This must be applied for separately. The law regulating property settlements is contained in the Family Law Act 1975 (Cth) and all references are to this Act unless otherwise stated.
Property can include almost anything to which a value can be attributed. Commonly, it includes land, money, vehicles, superannuation and household goods, but it is worth bearing in mind other items, such as insurance policies, intellectual property, debts due to the spouses, rights to sue, such as potential compensation claims, long service leave entitlements, partnership interests, entitlements as beneficiaries of a trust or a will, etc.
One thing that is not regarded as property is the ability to borrow, so one spouse will not be entitled to a larger share of the property on the basis that the other has greater borrowing power, but see Future needs. The Court will also apportion liability for any debts and liabilities of the marriage, such as a mortgage, credit card debts, overdrafts, personal loans and the like.
Property belonging to a husband or wife before marriage is still that person's property after marriage. This includes furniture, bank accounts, vehicles and other household goods. There is no law that it must be transferred into joint (both) names. Property acquired after marriage also belongs to the person in whose name it was bought or who paid for it.
The same applies for debts in sole names. It is only on the breakdown of a marriage that the court looks behind the legal title, and may make orders about ownership, notwithstanding whose name the property is in.
Married couples usually buy homes, units or land in their joint names. When this is done, neither of them can dispose of the property without the consent of the other, even if only one of them paid for it. Both owners must consent if a jointly owned property is to be used as security for a mortgage or loan.
Where parties have cohabited before marriage and their financial affairs have become mixed together, the Court will take into account the financial arrangements during the period of cohabitation when deciding on the division of property. If parties contend that their finances and property remained separate, they may need to produce documentary proof.
Matrimonial property includes anything owned by either spouse at the date of their separation, but does not include property acquired after separation. However, the date of valuation of property is the date of trial, even though this may be some months or even years later.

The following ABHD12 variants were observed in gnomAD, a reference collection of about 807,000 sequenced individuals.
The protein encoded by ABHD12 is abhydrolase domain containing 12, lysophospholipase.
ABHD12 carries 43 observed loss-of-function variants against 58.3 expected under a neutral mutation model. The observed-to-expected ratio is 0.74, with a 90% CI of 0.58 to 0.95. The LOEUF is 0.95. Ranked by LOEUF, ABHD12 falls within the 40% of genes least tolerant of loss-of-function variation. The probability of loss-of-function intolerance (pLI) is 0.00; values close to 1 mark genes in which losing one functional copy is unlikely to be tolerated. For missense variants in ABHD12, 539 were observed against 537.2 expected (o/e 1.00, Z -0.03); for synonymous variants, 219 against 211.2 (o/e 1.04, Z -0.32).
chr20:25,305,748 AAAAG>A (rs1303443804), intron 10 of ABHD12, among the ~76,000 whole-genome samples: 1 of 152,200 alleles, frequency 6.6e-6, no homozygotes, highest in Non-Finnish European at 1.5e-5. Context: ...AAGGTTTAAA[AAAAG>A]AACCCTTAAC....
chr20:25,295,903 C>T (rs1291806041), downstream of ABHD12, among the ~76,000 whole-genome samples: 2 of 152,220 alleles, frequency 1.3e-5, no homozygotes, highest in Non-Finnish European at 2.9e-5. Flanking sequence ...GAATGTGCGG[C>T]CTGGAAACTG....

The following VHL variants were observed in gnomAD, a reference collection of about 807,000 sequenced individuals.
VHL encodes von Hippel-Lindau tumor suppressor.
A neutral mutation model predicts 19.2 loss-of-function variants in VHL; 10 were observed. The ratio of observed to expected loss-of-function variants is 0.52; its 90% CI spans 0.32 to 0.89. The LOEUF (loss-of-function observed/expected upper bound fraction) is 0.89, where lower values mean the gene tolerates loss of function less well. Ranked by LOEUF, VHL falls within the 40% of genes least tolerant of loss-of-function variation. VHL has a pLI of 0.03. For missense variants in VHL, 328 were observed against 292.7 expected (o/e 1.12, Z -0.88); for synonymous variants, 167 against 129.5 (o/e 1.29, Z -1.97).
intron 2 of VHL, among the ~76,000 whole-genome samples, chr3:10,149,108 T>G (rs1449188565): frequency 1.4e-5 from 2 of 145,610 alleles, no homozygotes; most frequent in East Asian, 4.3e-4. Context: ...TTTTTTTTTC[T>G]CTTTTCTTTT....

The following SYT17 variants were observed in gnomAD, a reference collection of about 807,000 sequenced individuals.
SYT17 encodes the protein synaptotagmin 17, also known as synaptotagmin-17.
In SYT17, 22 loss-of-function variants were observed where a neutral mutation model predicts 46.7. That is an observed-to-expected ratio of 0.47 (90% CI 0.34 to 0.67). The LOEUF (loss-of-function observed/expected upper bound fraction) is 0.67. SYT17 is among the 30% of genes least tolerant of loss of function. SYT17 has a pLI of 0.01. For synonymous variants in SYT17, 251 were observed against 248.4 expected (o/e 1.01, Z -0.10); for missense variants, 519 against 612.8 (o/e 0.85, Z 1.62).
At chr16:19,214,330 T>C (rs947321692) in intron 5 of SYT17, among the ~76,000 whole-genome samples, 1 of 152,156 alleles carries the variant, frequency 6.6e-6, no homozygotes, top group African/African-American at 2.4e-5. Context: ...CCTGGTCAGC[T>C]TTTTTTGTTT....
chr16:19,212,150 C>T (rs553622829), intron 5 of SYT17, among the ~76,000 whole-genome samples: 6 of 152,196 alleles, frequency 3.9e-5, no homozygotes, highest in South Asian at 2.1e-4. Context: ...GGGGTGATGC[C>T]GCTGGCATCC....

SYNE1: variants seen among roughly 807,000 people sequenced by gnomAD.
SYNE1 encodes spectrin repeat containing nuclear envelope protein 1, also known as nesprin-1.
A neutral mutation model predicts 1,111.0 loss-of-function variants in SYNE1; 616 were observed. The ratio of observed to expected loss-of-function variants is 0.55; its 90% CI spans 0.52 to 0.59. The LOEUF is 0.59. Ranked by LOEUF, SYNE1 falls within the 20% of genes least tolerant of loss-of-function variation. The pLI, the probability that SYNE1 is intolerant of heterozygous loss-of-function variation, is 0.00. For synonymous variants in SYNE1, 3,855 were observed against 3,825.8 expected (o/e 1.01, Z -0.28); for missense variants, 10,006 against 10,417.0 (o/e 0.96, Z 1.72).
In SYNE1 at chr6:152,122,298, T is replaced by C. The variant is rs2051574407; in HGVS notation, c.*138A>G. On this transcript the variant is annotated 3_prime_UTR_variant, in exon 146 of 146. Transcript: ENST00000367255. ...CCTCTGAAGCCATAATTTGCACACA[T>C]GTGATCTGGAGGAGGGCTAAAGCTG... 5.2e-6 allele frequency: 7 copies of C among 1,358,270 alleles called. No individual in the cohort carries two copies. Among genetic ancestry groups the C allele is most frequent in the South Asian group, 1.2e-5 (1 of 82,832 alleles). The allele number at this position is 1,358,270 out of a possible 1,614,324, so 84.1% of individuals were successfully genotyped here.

This means that it is in the interests of both spouses to maintain the value of matrimonial property after separation, so as to maximise the value available for distribution between them. The Court may look at the conduct of a party who has wilfully damaged or neglected matrimonial property and may take this into account in the division of property.
The Court's object in making property settlement orders is to bring to an end once and for all the economic relationship between the parties to the marriage by dividing the property in such manner as the Court considers just. A property settlement should therefore cover all the property of the marriage and should take into account the whole economic situation of each spouse.
The Court has broad powers to alter the existing rights to property in any way it sees fit so as to do justice between the parties. It can overturn transactions designed to defeat claims for property settlement or spousal maintenance, such as where a spouse has disposed of assets for less than their true value.
It can set aside any orders obtained by fraud or duress. Where a party fails or refuses to carry out orders of the Court in relation to property, the Court can take steps to carry out the orders itself, by signing necessary instrument, and can punish the party concerned.
Wherever possible, people should attempt to reach their own agreement about their property arrangements. This saves the expense, delay and worry of a lengthy property case in court which may take two or three years and cost thousands of dollars. People should seek legal advice before entering into negotiations and finalising any agreement to check that the agreement is fair.
In cases where the parties agree about the division of their property and the property is fairly simple, the parties may complete an application for consent orders. This is available from the Court and online. It may be suitable when both spouses have obtained independent legal advice and where the only property of substance is the matrimonial home, vehicles and household goods.
Where the property is more complex, for example where superannuation entitlements of any substance are to be varied in any way, where a company or business is involved, where a guarantee has been given or where capital gains tax liabilities may arise, it is desirable that each party have independent accounting and legal advice before entering into any consent orders.